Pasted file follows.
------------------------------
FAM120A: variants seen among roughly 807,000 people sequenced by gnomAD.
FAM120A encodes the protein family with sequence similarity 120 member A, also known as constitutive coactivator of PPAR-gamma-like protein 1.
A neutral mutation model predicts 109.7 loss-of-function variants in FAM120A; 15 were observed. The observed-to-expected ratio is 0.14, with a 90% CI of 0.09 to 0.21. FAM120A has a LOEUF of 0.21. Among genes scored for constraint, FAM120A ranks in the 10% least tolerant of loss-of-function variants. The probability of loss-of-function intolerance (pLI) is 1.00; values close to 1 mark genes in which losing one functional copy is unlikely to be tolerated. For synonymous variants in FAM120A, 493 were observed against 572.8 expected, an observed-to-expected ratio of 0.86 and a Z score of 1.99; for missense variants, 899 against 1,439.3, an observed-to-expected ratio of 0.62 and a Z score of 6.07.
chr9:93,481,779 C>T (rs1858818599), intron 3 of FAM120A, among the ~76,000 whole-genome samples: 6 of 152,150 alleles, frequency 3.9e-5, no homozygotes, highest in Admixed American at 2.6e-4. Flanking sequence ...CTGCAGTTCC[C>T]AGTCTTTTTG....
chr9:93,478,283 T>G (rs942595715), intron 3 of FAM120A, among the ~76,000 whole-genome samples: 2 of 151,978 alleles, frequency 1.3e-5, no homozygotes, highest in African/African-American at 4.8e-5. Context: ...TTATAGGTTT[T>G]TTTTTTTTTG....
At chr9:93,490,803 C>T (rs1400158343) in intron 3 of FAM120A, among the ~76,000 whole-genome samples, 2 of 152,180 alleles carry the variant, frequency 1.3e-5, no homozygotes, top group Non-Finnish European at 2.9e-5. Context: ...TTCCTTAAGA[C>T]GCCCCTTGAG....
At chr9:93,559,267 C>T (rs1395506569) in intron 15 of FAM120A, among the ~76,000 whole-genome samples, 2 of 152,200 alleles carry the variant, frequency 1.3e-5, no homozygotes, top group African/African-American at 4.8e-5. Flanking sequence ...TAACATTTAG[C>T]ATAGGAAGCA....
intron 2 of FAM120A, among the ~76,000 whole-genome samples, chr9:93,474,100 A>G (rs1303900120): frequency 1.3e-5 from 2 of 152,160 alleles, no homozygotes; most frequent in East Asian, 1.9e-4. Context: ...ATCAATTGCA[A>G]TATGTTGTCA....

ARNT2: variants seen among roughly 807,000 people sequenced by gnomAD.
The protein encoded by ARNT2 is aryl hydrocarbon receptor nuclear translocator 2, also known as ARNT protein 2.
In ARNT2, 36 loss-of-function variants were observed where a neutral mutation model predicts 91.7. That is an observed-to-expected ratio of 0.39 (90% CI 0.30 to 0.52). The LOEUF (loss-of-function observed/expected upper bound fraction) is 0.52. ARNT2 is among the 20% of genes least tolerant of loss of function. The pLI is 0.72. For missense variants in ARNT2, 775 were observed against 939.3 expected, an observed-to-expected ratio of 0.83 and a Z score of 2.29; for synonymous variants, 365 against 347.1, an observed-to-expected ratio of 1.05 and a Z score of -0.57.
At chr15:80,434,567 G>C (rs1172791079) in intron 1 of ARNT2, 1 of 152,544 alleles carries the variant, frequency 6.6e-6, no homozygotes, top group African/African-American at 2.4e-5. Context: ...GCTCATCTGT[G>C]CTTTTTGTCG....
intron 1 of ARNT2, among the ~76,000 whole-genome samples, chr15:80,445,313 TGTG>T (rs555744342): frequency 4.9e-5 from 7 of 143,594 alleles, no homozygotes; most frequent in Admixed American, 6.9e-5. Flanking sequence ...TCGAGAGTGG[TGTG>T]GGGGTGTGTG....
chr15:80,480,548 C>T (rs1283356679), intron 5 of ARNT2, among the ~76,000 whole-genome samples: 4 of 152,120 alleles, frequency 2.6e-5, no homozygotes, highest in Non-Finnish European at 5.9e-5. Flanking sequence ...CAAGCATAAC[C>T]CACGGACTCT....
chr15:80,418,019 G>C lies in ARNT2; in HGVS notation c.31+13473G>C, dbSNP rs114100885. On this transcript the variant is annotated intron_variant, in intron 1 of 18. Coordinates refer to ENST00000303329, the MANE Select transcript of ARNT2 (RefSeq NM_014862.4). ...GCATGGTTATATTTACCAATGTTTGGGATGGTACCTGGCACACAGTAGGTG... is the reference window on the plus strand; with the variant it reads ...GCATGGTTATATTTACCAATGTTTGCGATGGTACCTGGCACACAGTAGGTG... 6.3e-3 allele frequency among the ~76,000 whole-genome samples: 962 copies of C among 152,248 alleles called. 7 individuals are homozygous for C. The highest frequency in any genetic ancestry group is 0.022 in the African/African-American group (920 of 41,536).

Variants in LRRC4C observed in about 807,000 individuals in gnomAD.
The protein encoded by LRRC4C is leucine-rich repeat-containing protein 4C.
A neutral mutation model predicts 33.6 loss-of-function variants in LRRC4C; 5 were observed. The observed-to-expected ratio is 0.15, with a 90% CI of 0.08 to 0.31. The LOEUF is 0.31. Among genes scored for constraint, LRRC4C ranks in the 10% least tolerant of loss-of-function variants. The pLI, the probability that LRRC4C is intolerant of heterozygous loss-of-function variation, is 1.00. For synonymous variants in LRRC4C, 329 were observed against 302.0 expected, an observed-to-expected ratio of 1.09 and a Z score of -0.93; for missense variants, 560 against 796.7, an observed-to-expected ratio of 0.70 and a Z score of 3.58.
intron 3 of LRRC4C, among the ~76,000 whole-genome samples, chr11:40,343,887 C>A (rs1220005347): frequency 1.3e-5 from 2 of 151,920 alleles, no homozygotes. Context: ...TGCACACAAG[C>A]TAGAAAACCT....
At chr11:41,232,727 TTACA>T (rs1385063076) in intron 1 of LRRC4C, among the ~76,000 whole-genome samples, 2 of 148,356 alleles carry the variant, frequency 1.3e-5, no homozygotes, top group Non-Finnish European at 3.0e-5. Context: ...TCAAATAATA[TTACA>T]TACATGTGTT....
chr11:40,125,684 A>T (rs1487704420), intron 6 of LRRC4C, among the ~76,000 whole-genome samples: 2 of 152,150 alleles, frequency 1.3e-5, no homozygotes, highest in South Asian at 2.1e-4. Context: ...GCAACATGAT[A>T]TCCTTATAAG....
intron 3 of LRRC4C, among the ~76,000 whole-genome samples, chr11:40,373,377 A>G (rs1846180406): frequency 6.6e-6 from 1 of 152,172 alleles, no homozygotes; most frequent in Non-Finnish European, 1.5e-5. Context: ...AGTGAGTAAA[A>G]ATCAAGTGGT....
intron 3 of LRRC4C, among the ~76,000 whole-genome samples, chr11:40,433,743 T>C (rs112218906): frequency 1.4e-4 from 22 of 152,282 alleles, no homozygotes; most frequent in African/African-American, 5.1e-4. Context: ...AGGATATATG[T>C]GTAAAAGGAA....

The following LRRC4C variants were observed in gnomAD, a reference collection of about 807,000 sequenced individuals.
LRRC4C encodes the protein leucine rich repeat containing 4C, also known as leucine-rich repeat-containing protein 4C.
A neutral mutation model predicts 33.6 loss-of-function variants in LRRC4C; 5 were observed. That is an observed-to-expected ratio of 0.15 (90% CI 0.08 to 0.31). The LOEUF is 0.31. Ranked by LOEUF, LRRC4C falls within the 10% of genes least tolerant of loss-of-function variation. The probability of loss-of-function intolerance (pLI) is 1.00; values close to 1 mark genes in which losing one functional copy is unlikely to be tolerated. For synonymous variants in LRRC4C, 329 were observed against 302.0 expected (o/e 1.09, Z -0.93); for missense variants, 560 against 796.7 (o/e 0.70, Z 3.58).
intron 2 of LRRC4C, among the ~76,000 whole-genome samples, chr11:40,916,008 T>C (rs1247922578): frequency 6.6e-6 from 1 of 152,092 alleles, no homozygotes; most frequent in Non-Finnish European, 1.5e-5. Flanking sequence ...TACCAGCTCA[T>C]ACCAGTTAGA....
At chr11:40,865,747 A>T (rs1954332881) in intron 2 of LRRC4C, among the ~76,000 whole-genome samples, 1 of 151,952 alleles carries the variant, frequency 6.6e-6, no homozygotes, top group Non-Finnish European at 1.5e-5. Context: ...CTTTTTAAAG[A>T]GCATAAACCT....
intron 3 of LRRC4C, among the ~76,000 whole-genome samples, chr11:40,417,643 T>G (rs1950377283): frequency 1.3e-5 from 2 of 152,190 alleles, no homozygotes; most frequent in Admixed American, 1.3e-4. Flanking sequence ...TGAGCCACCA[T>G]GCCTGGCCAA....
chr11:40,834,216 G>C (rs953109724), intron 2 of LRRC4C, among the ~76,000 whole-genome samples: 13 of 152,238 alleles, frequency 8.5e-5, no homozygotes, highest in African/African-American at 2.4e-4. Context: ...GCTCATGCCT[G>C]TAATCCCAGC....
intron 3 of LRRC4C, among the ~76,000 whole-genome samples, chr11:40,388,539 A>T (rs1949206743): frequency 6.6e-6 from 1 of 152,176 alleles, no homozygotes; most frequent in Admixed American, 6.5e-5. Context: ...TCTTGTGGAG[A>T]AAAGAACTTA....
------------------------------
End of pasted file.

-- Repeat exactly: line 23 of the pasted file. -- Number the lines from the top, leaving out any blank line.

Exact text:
intron 3 of LRRC4C, among the ~76,000 whole-genome samples, chr11:40,433,743 T>C (rs112218906): frequency 1.4e-4 from 22 of 152,282 alleles, no homozygotes; most frequent in African/African-American, 5.1e-4. Context: ...AGGATATATG[T>C]GTAAAAGGAA....